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|Title:||Enzymatic Modification of Soy Proteins in an Ultrafiltration - Enzyme Reactor System|
|Author(s):||Deeslie, William David|
|Department / Program:||Food Science|
|Degree Granting Institution:||University of Illinois at Urbana-Champaign|
|Subject(s):||Agriculture, Food Science and Technology|
|Abstract:||Enzymatic modification offers a safe, mild, and efficient means of improving functional properties of proteins. Current methods for producing enzyme hydrolyzates have several problems, among them (a) the high cost of the enzyme which can be used only once in the traditional batch process, (b) the added cost of inactivating the enzyme either by changing pH or heat treatment at the end of the reaction, (c) they are energy and labor intensive, (d) because of their discontinuous nature, use equipment very inefficiently, and (e) the extent of reaction and thus the uniformity of product is difficult to control, which can lead to off-flavors and bitterness in batch hydrolyzates.
An alternative method of enzyme modification was investigated here to overcome some of these problems. An ultrafiltration-enzyme reactor system was designed for the continuous hydrolysis of proteins. A continuous stirred-tanked reactor (CSTR) was coupled to a hollow fiber ultrafiltration module in a semi-closed loop configuration. The system was designed such that the bulk of the reaction occurred in the CSTR, which was kept physically separate from the separation unit. This enabled each of the two major components--the CSTR and the ultrafiltration unit--to be characterized separately and then merged together and optimized.
Residence time distribution studies showed that the overall UF Reactor system could be modeled on the basis of an ideal CSTR. The effect of performance variables such as enzyme concentration, substrate concentration, flux (flow rate), and reactor volume on substrate conversion and reactor productivity were evaluated. These variables were combined into a single term called space time and correlated with kinetic parameters, based on the Michaelis-Menten model for enzyme reactions. This kinetic model fit the experimental data well, except at high conversions where it overpredicted conversion slightly. A statistical model based on curvilinear regression analysis was also developed.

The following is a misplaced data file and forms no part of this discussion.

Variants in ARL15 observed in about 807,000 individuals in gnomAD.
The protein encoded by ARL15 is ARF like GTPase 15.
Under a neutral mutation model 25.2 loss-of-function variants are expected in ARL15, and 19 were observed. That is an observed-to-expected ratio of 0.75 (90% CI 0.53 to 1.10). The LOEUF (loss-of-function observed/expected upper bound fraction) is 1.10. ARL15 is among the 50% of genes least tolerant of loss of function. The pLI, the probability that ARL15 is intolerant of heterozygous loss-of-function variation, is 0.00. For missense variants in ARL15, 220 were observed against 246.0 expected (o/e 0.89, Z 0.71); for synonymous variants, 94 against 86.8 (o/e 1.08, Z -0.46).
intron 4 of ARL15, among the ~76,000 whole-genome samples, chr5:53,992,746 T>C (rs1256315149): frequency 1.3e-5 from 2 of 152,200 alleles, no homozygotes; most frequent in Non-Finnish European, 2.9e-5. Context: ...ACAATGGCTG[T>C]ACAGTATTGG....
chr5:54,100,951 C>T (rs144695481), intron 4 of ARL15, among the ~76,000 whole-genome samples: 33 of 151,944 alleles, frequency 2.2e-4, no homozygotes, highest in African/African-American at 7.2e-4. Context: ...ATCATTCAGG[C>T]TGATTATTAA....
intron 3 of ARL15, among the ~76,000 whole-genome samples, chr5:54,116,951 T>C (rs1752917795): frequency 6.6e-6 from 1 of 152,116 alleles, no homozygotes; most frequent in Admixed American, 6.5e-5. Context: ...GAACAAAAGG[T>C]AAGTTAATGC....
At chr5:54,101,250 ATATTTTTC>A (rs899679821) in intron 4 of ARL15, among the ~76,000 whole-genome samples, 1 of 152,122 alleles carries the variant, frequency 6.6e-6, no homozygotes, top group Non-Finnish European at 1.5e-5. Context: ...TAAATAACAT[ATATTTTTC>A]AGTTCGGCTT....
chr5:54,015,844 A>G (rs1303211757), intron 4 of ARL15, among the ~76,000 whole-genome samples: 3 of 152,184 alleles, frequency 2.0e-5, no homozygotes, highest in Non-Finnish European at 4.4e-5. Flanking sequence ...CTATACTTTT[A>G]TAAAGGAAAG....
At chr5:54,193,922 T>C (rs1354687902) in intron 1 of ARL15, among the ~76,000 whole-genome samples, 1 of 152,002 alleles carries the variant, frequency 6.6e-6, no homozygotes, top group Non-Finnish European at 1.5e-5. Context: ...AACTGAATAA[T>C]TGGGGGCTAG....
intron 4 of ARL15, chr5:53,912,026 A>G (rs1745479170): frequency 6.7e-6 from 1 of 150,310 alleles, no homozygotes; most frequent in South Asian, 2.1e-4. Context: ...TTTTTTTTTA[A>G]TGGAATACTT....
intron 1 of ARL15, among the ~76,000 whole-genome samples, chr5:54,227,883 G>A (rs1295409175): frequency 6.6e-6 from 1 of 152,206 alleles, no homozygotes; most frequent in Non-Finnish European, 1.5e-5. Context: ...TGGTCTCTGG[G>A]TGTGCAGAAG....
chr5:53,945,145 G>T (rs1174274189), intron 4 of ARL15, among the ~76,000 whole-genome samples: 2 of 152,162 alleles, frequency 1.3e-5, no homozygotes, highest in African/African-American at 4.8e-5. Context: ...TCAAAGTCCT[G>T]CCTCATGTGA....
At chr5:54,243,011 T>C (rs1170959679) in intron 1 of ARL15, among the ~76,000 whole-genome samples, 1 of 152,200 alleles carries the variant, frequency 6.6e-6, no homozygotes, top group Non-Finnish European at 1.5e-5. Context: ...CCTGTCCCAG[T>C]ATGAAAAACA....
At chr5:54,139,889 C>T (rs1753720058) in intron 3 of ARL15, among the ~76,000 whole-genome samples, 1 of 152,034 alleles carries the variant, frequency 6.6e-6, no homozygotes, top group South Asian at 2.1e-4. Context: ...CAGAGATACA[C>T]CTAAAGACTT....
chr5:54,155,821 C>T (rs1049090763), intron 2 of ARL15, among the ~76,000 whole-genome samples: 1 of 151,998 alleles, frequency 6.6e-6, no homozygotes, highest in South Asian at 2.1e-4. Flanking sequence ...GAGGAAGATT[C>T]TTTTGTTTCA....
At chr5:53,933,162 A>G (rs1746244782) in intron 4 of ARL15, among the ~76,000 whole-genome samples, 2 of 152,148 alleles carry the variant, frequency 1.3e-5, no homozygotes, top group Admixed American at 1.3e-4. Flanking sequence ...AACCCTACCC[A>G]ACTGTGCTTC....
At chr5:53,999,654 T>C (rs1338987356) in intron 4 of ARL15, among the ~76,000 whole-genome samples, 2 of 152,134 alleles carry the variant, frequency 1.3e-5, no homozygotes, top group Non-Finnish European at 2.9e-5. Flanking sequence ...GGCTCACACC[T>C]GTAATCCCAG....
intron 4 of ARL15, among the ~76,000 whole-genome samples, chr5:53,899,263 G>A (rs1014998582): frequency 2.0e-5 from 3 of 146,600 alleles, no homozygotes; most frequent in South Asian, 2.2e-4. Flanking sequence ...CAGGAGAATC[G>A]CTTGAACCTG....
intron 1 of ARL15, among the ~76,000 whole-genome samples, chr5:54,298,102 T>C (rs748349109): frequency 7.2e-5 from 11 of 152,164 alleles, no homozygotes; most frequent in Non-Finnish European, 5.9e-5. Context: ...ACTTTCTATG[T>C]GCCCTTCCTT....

Long-term operational stability of the reactor was affected by thermal inactivation of enzyme, enzyme leakage, and product and/or unconverted substrate build up in the CSTR. Membrane adsorption and the high shear rates in the hollow fibers had little or no effect. Reactor decay could easily be compensated for by adjusting space time variables. The productivity of the continuous ultrafiltration reactor system was several times higher than the traditional batch process, and yields were typically 90% or greater.
The hydrolyzate product from a reactor using soy protein isolate as feed, a 10,000 molecular weight cut-off membrane and Pronase('(REGTM)) as the enzyme contained 90% protein nitrogen (N x 6.25), dry basis, and about 8% ash. The major proportion of peptides in the hydrolyzate were 2,400 molecular weight or less. They hydrolyzate was easily dispersible and completely soluble over the entire pH range from 2-9. It was clear in solution (at 1% w/v) at all pH values and did not possess the bitterness usually attributed to extensively hydrolyzed proteins. It also showed significantly greater water adsorption ability as compared to the soy protein isolate. Foam stability and emulsification properties were poor. Molecular weight distribution of product shifted slightly during long-term reactor operation due to changes in reaction kinetics and conversion. These changes, although slight, were shown to sometimes markedly affect functional properties.
Thesis (Ph.D.)--University of Illinois at Urbana-Champaign, 1980.
|Date Available in IDEALS:||2014-12-13|
This item appears in the following Collection(s)
Dissertations and Theses - Food Science and Human Nutrition
Graduate Dissertations and Theses at Illinois
Graduate Theses and Dissertations at Illinois